. . . continues here: https://acacciatura.wordpress.com/longueurs-november-2008/

  3. I keep on hoping for a bardic poem from you Des, but what we get is a repetitive stream of consciousness.

    So put up. Here, Des, on wordy’s blog!

    Or is there some good stuff on your own blog?

  4. 3p4

    some thing about my nonsenseibillies
    lean me toward the underdog
    but i dont really have a lot of time
    (its up) for the king of the hill,
    ,the best of the best,,
    the cock of the hoop,,
    the alpha dog
    the power and the glory
    the Alfy and Omigod
    just leave me
    in the dust
    yawning
    ,,,,,
    thanks
    but for the grace………….

  5. There was a village called civilisation Sir
    Eliot’s ancient village bought for a kiss
    through an invisible pane of intelligence
    Little remains of: nothing of the owners
    eye after s/he auctioned his tongue, part

    I from prayer, part stolen, silently wrapped
    lustre of a son eying cold the sustenenance
    Of oil and the horror of its contract longing
    in a poetic soul and sold to the high caste.
    There is a village called civilisation sir.

    Serene small village, of infants blood sold
    twice: once for money and once for love,
    Earning its right to measure between what sun
    And sibling moon the village accent shone
    Reputations frankly bought, falls leavening
    Neither truth nor lies, but in the equipoise
    sounding classless, a twenty first century voice.

  6. wordnerd7

    That’s very good news that we haven’t lost you, @3p4. Would you have any objection to my trying to put the recording I came by onto this site some time over the next few days — as part of my experiment? . . . I won’t be offended in the least if you say you have a grander home for it in mind. . . I was surprised and hugely entertained by it, and it would fun to see what our comrades make of it — assuming that they haven’t also had copies transmitted to them mysteriously.

    @ISA, there’s nothing quite like an imagination to add spice to life, is there? I do dearly love the space I seem to occupy in the literary part of yours (thank you 😉 . . .) but I don’t feel as if I have any role at all at Gu. In this respect, I’m sure that the authorities and I think exactly alike. . . I’m not sure that they see us bloggers as individuals. They would hardly ignore our questions if they did, would they. . . And when we lost one of the best of the best of our tribe a few weeks ago, no editor came out to express any regret or offer condolences here or on his own site. . .(Or did I miss someone?) . . . I know that there was a @carolru blog about Steve at Gu, and the nicest books blog freelances went to the doggytrollocks site and left Mrs cs messages — but what about the staffers?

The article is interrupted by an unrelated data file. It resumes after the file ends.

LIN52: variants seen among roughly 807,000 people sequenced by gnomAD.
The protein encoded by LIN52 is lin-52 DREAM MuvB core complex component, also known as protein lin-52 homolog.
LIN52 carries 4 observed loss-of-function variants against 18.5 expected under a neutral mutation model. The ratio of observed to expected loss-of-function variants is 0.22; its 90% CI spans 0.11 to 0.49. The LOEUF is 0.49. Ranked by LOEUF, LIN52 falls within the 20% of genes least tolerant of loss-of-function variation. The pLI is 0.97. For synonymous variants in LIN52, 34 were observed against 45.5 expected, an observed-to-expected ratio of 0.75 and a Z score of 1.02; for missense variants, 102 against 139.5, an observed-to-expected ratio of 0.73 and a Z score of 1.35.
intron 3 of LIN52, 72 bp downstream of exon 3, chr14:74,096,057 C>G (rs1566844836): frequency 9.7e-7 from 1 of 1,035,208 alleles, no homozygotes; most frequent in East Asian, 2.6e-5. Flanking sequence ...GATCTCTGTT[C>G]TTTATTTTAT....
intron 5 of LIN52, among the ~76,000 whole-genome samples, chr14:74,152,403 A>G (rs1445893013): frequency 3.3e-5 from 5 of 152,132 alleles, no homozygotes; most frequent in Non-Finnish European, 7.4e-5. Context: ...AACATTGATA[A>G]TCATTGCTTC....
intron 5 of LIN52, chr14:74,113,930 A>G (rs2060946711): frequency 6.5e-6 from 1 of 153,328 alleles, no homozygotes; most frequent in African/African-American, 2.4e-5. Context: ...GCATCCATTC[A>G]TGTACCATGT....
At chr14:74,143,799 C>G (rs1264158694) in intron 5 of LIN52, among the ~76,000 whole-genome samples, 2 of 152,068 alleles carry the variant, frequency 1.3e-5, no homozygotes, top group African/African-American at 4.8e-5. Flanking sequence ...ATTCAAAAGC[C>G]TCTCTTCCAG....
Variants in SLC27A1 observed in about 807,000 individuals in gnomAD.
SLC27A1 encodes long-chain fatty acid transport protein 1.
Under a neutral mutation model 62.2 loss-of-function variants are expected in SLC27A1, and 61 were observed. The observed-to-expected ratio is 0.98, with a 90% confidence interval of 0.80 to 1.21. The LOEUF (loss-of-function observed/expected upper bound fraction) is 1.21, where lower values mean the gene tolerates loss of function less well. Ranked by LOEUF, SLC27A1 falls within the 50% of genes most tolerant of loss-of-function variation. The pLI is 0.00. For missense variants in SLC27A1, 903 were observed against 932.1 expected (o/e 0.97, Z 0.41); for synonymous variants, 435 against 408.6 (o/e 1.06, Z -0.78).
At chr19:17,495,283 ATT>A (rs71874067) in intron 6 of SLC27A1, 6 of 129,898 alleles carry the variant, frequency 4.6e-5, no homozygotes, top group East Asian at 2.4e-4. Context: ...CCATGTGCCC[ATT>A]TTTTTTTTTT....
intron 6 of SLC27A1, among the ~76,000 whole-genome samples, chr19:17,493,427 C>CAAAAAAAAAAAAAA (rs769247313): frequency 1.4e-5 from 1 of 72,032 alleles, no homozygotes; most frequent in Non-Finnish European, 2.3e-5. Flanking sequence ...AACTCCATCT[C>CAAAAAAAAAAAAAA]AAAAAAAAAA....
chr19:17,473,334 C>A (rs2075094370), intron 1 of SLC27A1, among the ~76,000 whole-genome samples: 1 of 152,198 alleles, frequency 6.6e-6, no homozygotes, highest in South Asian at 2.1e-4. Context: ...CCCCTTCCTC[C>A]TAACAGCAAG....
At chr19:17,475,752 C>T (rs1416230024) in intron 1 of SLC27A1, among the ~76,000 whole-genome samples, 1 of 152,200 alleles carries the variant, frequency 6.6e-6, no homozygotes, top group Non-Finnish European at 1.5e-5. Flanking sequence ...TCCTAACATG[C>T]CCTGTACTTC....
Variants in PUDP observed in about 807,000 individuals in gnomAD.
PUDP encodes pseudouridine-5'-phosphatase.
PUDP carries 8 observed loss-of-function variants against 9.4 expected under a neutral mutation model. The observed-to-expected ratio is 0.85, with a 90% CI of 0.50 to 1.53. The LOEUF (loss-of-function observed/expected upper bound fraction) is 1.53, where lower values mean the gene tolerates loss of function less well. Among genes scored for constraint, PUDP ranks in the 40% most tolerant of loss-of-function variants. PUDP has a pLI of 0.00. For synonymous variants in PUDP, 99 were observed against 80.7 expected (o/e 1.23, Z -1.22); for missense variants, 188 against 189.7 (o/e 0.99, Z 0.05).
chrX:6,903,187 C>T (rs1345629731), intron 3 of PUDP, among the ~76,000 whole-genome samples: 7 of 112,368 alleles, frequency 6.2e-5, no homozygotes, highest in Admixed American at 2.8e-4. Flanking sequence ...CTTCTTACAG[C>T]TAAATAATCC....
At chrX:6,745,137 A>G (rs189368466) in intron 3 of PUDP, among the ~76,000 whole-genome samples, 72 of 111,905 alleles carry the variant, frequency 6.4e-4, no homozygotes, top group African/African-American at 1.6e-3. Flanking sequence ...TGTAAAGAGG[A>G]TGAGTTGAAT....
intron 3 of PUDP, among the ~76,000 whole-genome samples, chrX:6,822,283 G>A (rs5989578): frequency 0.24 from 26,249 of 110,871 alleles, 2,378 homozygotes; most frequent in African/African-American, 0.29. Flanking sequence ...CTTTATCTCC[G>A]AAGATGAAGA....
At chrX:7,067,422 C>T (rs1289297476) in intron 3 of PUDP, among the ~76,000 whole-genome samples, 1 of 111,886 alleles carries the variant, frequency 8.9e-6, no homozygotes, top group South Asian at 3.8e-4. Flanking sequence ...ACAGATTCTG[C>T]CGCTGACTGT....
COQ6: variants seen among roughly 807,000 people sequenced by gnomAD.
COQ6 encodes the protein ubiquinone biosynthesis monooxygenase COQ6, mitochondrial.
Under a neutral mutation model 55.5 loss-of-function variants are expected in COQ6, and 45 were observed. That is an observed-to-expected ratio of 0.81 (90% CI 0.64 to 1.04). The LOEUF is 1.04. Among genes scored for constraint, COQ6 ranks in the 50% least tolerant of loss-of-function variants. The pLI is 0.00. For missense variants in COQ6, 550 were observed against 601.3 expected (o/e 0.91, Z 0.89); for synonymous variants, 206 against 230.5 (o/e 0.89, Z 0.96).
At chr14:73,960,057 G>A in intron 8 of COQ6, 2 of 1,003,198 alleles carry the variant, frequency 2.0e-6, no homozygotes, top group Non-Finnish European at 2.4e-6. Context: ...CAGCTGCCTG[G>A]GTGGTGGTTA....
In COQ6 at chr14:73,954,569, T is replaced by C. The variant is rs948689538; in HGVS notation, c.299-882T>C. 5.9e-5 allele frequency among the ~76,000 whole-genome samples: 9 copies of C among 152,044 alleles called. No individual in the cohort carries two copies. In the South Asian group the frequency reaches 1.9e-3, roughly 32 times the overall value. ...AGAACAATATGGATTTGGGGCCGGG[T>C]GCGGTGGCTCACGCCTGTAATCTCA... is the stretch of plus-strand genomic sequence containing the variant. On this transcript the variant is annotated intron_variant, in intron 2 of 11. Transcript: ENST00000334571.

. . . I think it’s time for more interwebbing between those above and below. As you say, cross-linking and cross-commenting are of the essence of this medium. That was more or less Arianna Huffington’s and Tina Brown’s answer the other day when people asked Arianna if she minded her old friend launching a site that looked like a direct competitor. . . Either one or both women also said something to the effect that cyberspace is still wide open to colonisation by anyone who cares to have a go. . . So when we post a comment over there, with a link to one of our sites, shouldn’t the above-the-liners stop in now and then, in our patches of ether?

    @Des, thank you for the poem, which I’m still taking in. . . As you see, I’ve moved part of your long post into Longueurs, to keep one of my own company — and I imagine you’ll want to do that yourself the next time. . . Would be deeply grateful if you would . . . I’ve given you a slightly bigger space than the 250(?) _character_-limit your own comments section offered me when I tried posting there the other day. . . That blog space is like The Times. Only interested in nano-posts, as far as I can tell — no time to investigate.

  7. Nice. To the rhythm of the Pogues. But you should name names Des.

    Turn up you internal thermostat to warm, 3p4. It’s winter.

  8. 3p4

    wordy,, you may do whatever you wish with the
    recording,,you might be able to squeeze one or two out of the Baron as well,,and i have others,,poetry
    ,,fake radio,,music,,montage,,etc etc,, lets have an art gallery too,,hey how about a coffe shop,,and baby sitting,,and dog grooming and ,,a nd,,andn

    why is this on a censorship thread ?

  9. I didn’t know about the character limit wordy. i will have a look at the settings and change it. it must be trge default position.

    cheers isa, no names needed, only rifing in Eliot.

    i love you and want you to come and move in to me bedsit, once and for all.

    deasmhuman

  10. We are all already in your bedsit, Des.

    I’m Spartacus.